UNITED NATIONS (PA) – The UN Security Council on Thursday urged the Sudanese government to quickly form a Transitional Legislative Council and to implement security measures and other provisions of the peace accord. October.
He said this was necessary for the Sudanese people to have “a peaceful, stable, democratic and prosperous future”.
A resolution passed unanimously by the council also urged the signatories of the peace agreement to address the root causes of the conflict in the vast region of West Darfur and in two other regions, the Blue Nile and southern Kordofan. He called on rebel groups in Darfur who have forces in neighboring countries to continue to withdraw them.
The Darfur conflict began in 2003 when ethnic Africans rebelled, accusing the Arab-dominated Sudanese government of discrimination. The government in Khartoum has been accused of retaliating by arming local nomadic Arab tribes and unleashing them on civilian populations – a charge it denies.
A joint UN-African Union force in Darfur was created in 2007 but abolished by the Security Council on December 31. The force has been replaced by a much smaller and purely political mission, whose mandate was extended by the resolution approved Thursday until June 3. 2022.
The Sudanese army ousted autocratic President Omar al-Bashir in April 2019 following mass pro-democracy protests, and a transitional military-civilian government has ruled African nations since then. The country is now on a fragile path to democracy, and on February 10 a new cabinet was sworn in that includes rebel ministers as part of the power-sharing deal between the transitional authorities and a rebel alliance made in Juba on October 3.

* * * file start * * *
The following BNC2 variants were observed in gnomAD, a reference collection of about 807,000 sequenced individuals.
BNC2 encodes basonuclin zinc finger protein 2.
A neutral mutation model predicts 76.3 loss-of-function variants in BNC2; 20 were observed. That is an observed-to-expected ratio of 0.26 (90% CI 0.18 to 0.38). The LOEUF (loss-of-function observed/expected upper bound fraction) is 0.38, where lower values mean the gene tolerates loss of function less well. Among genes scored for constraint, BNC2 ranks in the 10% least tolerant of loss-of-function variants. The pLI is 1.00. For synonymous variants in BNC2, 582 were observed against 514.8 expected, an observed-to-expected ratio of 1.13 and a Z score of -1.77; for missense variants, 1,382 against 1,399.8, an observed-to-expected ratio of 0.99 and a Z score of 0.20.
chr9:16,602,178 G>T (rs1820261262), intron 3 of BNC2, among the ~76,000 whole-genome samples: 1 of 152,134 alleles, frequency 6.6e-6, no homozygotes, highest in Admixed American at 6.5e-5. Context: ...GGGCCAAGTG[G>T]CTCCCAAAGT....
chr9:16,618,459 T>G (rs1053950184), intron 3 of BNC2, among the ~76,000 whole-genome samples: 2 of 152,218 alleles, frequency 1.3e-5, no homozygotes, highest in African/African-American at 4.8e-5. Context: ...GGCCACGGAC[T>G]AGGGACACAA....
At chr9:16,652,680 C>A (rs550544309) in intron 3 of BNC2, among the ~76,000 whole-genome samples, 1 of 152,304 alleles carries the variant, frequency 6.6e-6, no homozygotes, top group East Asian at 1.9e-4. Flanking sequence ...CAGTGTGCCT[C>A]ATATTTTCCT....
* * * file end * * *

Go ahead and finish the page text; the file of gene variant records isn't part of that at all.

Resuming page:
The Security Council welcomed the signing on March 28 by the government and Sudan’s largest rebel group, the North Sudan Liberation Movement, of a declaration of principles detailing a roadmap for the talks. He urged the two parties “to engage constructively to quickly finalize a comprehensive and inclusive peace agreement.” A new round of talks began on May 26.
The Security Council urged armed groups that have not engaged in peace negotiations “to do so immediately, constructively and without preconditions.” One of the main rebel groups, the Sudan Liberation Army in the turbulent Darfur region, rejects the transitional government and has refused to take part in the talks.
The council acknowledged the improvement in security conditions in some areas of Darfur, but expressed concern that the security situation in other areas “has deteriorated due to the increase in inter-community violence ”. He stressed the need to “intensify efforts to consolidate peace in Darfur, avoid a resumption of conflict” and mitigate the risks to civilians posed by inter-communal violence, the misuse of small arms and light weapons. violations of human rights and international humanitarian law.
The resolution underscored the need for the government to ensure accountability for these violations, including conflict-related sexual violence and “grave violations against children”.
He called on the government to speed up the establishment of the Transitional Legislative Council and to respect the 40% quota for women’s participation. He welcomed the adoption, on April 24, of the bills approving a Peace Commission and a Transitional Justice Commission and called on the government to put them in place quickly so that they can start to operate.
Security Council ordered UN mission over the next year to prioritize support for ceasefire monitoring in Darfur and implementation of the government’s protection of civilians plan which includes local conflict prevention, reconciliation efforts, disarmament and the reduction of inter-communal violence.
He said the mission should also prioritize supporting negotiations between the government and armed groups, drafting a new constitution, judicial reforms and implementing the power-sharing provisions of the accord. peace, in particular by facilitating the participation of civil society, women, youth, displaced persons, refugees and members of marginalized communities.
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